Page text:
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An Athlete's Mental Health Journey

For my whole life, it has always been an aspiration of mine to become a high-level volleyball athlete. I worked hard and it eventually paid off; I represented my country, Canada, on the Youth Volleyball Team in 2017 and am now on the Babson Beaver Varsity volleyball team. I have always loved to play my sport and to be around my teammates and it often appears that everything is going smoothly from the outside-- but if you asked me, how does it really feel on the inside?

Anxiety is something that I have always struggled with, and still continue struggling with. I often find myself thinking about worst-case scenarios no matter what situation I am in, and working myself up about thoughts that may not be rational. Sometimes, it impedes on my daily life and I avoid doing certain things because of how anxious I can get. However, being an athlete myself, I recognize that there is a stereotype within the athletic community that we are supposed to be “mentally and physically strong”; and what’s even worse, is to appear as if mental issues do not phase or affect us. Over time, I found myself falling into this trap trying to hide from the anxiety I was struggling with, which made things a lot worse. I was afraid to be seen as “weak,” or someone that “couldn’t handle the pressure.”

Something that really turned my thought process around was when Victoria Garrick, a USC Division 1 volleyball player and mental health advocate came to speak at my college. I had been a longtime fan of Victoria’s and getting to see her in such a personal setting deeply changed my perspective on expressing my own mental health.

During her talk, she shed light on her personal mental health issues and those amongst athletes and shared how the pressure and stigma to be perfect needed to be broken. I felt a sense of relief learning that she too-- as a high performing Division 1 athlete-- was someone who had also experienced mental health issues. From a young age, I saw Division 1 players like Victoria as superstars, as people who are, as said before, mentally and physically perfect. Hearing Victoria share her battles showed how normal mental illness is for athletes and how it is more common than a lot of people think, no matter what level someone plays at.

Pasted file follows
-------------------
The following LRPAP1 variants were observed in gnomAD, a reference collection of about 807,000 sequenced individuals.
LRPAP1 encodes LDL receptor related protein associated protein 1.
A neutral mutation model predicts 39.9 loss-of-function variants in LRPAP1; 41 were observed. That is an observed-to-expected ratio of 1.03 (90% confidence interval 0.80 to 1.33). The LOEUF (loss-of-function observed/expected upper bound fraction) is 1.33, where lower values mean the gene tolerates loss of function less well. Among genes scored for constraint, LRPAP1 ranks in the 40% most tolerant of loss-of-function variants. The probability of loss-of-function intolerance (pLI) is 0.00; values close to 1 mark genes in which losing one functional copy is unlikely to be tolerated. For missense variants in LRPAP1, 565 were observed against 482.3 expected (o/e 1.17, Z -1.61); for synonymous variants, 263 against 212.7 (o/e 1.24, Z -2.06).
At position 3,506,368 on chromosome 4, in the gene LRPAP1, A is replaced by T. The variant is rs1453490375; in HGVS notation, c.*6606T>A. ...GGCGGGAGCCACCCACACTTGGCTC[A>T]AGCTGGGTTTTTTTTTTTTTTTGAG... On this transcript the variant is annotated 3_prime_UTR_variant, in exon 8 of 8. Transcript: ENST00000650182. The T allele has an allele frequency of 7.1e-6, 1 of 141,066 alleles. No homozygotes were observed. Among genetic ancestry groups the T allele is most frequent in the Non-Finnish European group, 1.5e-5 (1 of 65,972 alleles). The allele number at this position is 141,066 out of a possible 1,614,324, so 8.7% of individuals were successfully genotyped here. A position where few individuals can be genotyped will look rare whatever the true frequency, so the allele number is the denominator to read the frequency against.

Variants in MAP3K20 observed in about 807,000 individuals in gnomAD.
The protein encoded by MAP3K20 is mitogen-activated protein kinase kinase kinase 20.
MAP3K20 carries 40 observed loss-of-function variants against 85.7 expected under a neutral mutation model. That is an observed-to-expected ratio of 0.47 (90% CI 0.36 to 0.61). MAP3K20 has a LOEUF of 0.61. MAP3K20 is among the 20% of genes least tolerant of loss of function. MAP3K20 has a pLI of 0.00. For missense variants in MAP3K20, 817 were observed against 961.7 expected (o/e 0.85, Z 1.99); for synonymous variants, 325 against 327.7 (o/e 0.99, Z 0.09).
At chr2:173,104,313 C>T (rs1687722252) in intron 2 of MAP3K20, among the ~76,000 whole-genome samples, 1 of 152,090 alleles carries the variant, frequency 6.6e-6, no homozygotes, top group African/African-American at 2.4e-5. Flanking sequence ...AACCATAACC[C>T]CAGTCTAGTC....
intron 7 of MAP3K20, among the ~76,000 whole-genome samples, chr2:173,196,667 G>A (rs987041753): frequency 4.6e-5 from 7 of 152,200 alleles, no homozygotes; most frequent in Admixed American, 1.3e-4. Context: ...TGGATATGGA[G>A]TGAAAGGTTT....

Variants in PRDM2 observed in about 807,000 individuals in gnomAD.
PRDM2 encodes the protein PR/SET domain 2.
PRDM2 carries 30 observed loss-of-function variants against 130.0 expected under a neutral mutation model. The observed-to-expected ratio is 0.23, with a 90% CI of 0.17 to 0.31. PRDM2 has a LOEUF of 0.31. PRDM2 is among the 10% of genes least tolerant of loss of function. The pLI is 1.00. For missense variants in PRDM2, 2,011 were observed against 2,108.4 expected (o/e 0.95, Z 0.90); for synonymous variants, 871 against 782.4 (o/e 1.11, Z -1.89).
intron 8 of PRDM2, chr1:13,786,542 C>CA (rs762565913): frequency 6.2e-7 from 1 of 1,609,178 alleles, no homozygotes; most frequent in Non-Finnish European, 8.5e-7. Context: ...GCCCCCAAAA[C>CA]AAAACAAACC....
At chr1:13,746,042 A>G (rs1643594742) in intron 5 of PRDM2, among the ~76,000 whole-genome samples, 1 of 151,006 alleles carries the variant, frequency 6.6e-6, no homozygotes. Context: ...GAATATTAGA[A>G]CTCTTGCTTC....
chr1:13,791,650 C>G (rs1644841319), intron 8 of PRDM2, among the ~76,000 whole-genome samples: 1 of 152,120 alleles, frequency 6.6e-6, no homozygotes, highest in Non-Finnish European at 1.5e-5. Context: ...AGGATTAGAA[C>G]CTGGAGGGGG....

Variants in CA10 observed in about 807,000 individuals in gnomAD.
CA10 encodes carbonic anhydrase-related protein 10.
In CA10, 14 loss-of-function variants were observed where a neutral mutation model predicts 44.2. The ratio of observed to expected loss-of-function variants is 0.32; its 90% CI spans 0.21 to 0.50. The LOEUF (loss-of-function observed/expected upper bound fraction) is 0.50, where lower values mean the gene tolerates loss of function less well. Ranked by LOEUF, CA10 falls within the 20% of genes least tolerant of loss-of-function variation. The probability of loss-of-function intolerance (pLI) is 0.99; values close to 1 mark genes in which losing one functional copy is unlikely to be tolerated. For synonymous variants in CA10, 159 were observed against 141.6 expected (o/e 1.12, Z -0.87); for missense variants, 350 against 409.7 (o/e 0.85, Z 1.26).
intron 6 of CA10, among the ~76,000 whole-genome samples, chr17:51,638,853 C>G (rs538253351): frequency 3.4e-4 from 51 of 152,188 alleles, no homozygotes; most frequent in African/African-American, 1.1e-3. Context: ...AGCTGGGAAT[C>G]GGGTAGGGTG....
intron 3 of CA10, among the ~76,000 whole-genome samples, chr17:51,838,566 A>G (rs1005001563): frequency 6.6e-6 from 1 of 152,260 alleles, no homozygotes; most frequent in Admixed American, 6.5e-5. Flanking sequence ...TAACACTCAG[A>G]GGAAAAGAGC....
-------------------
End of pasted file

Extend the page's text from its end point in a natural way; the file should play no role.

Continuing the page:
Someone like Victoria, a talented, well-known volleyball athlete sharing her personal mental health struggles can have a dramatic impact on other athletes who feel alone. Her experience showed that not everything is like how it looks on the outside, and not everyone who you think is perfect, is really perfect. This experience helped me climb out of my personal struggle of hiding my anxiety from the world, and allowed me to feel vulnerable to share my mental health struggles with my teammates, coaches, and peers.

Openly acknowledging my mental health was an important step for me as it positively shaped who I’ve become as an individual and as an athlete. Practicing vulnerability and opening up to others about my mental health has not only helped to elevate my game on the court, but has also helped normalize mental health conversations within my social circle and for me to truly understand myself. I no longer feel shame in going to therapy, and seeing a sports psychologist. Hearing Victoria’s story validated and normalized what I was going through then, and made me want to be a role model for others, to show other athletes that it’s okay to not be okay sometimes, and that striving for perfection on the court and outside is a flawed goal.

I’m extremely proud and blessed to be a part of a generation where mental health is prioritized and the stigma is beginning to break away. We must recognize that mental health is no different than physical health, we all possess it and therefore we should prioritize it just as we do with our physical health.

The author of this article, Jordan Lapins, is an Unmute Therabuddy. Therabuddies are everyday people, many with lived experience in muted or marginalized communities who have experienced the challenges of finding the right therapist and want to help make it easier for you!

Note: This article covers general information & guidance. If someone you know is in crisis, please call the emergency services or the national suicide helpline: 1-800-273-8255. The content is not intended as a substitute for medical advice, diagnosis or treatment.

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